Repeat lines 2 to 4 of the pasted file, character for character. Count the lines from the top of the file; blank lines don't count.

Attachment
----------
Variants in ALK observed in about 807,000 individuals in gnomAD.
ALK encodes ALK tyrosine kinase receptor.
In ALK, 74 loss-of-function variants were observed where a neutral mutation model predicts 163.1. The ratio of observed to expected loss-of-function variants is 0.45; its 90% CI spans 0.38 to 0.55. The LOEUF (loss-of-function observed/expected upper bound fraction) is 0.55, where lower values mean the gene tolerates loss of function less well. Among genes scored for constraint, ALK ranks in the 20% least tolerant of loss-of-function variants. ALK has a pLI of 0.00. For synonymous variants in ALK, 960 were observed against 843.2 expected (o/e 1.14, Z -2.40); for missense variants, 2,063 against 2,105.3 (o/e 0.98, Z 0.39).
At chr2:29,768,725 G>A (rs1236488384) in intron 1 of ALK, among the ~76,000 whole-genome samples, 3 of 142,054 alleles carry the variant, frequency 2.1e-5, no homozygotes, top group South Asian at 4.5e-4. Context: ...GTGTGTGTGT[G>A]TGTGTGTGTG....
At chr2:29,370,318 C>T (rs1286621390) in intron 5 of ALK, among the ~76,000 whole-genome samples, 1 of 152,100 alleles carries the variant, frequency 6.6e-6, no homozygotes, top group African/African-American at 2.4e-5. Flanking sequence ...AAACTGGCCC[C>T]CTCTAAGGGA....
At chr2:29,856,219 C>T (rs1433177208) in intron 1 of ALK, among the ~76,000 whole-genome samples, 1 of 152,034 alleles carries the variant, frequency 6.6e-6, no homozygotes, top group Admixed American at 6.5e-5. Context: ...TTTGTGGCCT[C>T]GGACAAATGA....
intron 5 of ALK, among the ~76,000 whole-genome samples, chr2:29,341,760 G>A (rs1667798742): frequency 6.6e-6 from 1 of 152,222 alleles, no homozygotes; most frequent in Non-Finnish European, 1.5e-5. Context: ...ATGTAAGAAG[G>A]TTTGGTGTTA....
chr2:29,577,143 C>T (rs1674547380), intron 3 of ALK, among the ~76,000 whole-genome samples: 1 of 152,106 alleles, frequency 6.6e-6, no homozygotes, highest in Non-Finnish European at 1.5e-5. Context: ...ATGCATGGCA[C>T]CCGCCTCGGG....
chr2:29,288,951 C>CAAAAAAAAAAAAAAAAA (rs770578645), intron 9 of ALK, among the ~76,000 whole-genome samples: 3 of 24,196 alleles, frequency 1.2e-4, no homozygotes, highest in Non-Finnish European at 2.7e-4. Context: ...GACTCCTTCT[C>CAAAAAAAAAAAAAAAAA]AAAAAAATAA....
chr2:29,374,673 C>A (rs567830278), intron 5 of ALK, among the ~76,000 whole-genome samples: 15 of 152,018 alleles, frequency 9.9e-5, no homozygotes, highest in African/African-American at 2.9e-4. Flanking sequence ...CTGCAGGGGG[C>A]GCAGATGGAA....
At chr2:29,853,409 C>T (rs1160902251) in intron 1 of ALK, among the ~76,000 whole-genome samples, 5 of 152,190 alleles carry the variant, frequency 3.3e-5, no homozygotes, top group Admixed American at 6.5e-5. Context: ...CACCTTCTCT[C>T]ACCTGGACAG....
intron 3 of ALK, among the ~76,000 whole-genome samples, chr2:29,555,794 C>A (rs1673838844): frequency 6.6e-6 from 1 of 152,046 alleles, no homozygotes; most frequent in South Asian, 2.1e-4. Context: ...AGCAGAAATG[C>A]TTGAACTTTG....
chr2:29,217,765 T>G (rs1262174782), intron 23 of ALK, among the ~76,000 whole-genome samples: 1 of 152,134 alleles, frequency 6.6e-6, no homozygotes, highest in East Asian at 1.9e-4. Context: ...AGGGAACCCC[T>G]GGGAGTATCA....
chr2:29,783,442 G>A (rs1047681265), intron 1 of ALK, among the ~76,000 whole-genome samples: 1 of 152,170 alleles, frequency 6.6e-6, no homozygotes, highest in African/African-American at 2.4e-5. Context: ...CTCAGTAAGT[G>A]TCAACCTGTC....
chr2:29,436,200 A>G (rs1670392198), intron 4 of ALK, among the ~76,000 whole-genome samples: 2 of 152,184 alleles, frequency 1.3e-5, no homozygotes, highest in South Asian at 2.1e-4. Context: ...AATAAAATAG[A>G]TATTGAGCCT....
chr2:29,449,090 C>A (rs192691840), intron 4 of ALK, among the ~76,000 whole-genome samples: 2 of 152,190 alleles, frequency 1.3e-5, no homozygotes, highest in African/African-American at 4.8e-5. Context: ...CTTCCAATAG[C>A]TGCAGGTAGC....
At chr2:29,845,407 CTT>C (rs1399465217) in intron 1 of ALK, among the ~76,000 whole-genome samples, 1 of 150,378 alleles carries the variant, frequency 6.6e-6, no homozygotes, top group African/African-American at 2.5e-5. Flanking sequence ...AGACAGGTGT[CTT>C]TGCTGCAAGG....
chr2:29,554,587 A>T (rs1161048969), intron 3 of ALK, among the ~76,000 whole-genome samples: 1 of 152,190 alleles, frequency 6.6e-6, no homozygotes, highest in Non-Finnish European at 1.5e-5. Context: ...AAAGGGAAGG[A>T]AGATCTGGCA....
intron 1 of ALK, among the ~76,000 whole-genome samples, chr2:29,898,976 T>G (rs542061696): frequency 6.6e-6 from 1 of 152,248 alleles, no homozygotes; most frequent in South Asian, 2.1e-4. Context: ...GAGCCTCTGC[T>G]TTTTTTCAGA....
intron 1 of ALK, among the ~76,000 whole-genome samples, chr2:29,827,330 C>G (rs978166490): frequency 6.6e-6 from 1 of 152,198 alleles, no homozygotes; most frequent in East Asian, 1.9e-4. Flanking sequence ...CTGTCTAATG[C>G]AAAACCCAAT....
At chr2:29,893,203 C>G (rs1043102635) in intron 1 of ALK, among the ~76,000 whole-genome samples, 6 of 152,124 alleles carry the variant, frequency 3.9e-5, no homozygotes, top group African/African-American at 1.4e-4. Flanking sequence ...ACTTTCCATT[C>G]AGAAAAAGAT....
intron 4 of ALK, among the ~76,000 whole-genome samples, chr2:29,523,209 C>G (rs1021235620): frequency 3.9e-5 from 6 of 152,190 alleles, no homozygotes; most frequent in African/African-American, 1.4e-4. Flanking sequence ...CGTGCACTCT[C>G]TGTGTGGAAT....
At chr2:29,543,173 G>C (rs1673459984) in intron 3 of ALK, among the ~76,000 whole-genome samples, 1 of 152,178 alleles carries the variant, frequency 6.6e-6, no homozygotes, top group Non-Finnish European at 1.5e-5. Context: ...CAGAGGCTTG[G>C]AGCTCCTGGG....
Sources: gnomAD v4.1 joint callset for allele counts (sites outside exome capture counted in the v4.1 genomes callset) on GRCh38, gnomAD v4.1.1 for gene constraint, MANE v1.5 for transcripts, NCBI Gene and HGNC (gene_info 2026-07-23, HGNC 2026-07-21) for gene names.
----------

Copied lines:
ALK encodes ALK tyrosine kinase receptor.
In ALK, 74 loss-of-function variants were observed where a neutral mutation model predicts 163.1. The ratio of observed to expected loss-of-function variants is 0.45; its 90% CI spans 0.38 to 0.55. The LOEUF (loss-of-function observed/expected upper bound fraction) is 0.55, where lower values mean the gene tolerates loss of function less well. Among genes scored for constraint, ALK ranks in the 20% least tolerant of loss-of-function variants. ALK has a pLI of 0.00. For synonymous variants in ALK, 960 were observed against 843.2 expected (o/e 1.14, Z -2.40); for missense variants, 2,063 against 2,105.3 (o/e 0.98, Z 0.39).
At chr2:29,768,725 G>A (rs1236488384) in intron 1 of ALK, among the ~76,000 whole-genome samples, 3 of 142,054 alleles carry the variant, frequency 2.1e-5, no homozygotes, top group South Asian at 4.5e-4. Context: ...GTGTGTGTGT[G>A]TGTGTGTGTG....